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Omega-3 ineffective in slowing Alzheimer's, study says


The mental and physical decline associated with Alzheimer’s is not slowed by supposed memory boosting pills, a study claims.

The $10m US government-funded research into omega-3 looked at nearly 300 men and women aged around 76 with mild to moderate Alzheimer’s.

The participants took either DHA oil capsules or dummy pills daily for 18 months.

Researchers found that DHA offered no benefits for slowing Alzheimer’s symptoms.

The pills also offered no benefits among a smaller group with milder symptoms.

People with Alzheimer’s have a lack of DHA - an acid that occurs naturally in the brain.

Previous studies had indicated that a diet rich in omega-3 fatty acids, mostly found in oily fish and supplements, could slow the progress of Alzheimer’s.

The authors said: “There is no basis for recommending DHA supplementation for patients with Alzheimer’s disease.”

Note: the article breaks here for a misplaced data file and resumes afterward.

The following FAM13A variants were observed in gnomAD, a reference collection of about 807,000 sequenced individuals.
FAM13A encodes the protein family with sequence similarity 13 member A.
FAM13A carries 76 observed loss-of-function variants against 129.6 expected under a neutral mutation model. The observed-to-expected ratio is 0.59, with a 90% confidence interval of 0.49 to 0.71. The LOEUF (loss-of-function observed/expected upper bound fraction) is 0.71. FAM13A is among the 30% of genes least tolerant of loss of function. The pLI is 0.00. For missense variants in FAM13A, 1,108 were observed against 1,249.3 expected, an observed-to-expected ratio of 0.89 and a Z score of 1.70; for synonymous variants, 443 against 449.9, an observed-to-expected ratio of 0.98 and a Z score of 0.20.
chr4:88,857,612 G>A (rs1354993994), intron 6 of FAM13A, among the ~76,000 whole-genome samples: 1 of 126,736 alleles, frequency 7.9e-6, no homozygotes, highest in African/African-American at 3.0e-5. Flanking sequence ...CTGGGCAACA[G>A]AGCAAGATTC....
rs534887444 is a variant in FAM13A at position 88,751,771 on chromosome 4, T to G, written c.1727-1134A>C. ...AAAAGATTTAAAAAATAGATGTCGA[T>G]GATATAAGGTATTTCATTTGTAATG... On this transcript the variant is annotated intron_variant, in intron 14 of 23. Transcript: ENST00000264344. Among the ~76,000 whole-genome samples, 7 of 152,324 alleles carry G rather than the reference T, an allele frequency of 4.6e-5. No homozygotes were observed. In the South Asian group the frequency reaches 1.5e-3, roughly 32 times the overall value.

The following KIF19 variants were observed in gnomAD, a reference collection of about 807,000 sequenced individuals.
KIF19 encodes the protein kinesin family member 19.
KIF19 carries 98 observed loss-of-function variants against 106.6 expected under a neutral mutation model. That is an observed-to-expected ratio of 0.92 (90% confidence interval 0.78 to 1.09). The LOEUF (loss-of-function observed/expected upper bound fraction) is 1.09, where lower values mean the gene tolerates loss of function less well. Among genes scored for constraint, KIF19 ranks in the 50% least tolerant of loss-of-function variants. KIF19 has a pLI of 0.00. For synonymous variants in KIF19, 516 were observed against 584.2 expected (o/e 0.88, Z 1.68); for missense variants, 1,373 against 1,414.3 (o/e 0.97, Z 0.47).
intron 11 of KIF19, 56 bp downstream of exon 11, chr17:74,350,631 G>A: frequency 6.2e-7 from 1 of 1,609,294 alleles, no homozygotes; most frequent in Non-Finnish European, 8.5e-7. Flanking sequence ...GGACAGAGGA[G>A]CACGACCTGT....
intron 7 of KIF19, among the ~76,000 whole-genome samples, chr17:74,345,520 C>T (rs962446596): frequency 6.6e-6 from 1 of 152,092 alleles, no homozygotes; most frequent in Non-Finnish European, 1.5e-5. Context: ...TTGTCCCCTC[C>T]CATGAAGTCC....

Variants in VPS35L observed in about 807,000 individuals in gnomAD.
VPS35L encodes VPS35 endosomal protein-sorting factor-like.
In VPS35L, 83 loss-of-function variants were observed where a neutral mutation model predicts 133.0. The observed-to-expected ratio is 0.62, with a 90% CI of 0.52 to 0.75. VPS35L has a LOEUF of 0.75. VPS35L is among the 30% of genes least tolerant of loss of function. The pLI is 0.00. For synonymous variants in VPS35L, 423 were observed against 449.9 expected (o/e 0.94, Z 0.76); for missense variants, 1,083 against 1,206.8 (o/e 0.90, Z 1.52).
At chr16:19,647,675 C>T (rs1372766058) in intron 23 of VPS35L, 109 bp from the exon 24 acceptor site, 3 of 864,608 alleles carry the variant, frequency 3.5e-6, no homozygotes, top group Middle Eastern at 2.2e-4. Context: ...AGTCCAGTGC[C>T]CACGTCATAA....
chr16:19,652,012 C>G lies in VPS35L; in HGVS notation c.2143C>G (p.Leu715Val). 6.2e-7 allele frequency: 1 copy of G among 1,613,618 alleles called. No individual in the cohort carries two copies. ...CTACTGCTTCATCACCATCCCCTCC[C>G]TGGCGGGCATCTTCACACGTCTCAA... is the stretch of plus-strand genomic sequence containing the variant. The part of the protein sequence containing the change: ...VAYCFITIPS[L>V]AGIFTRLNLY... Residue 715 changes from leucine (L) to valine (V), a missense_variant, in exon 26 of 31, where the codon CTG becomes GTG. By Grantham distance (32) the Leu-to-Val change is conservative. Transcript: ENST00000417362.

Study author and researcher at Oregon Health and Science University, Dr Joseph Quinn, said: “We had high hopes that we’d see some efficacy but we did not.”

The research is published in the Journal of the American Medical Association.



Readers' comments (2)

  • On a positive note, an exciting new study adds to the increasing evidence that special anti-inflammatory therapeutics may improve cognition in a variety of brain disorders including Alzheimer’s. See and Together these findings suggest that continued investigation of inflammation as a therapeutic target in Alzheimer’s disease is urgently needed.

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    I just wish the press would stop publishing these sensationalist articles on medical research and treatments before there is any evidence. They only serve to raise hopes of sufferers only to dash them again. Research is supposed benefit patients but instead the press rakes in big money whilst the needy get nothing out of it. What possible uses does this type of journalism serve?

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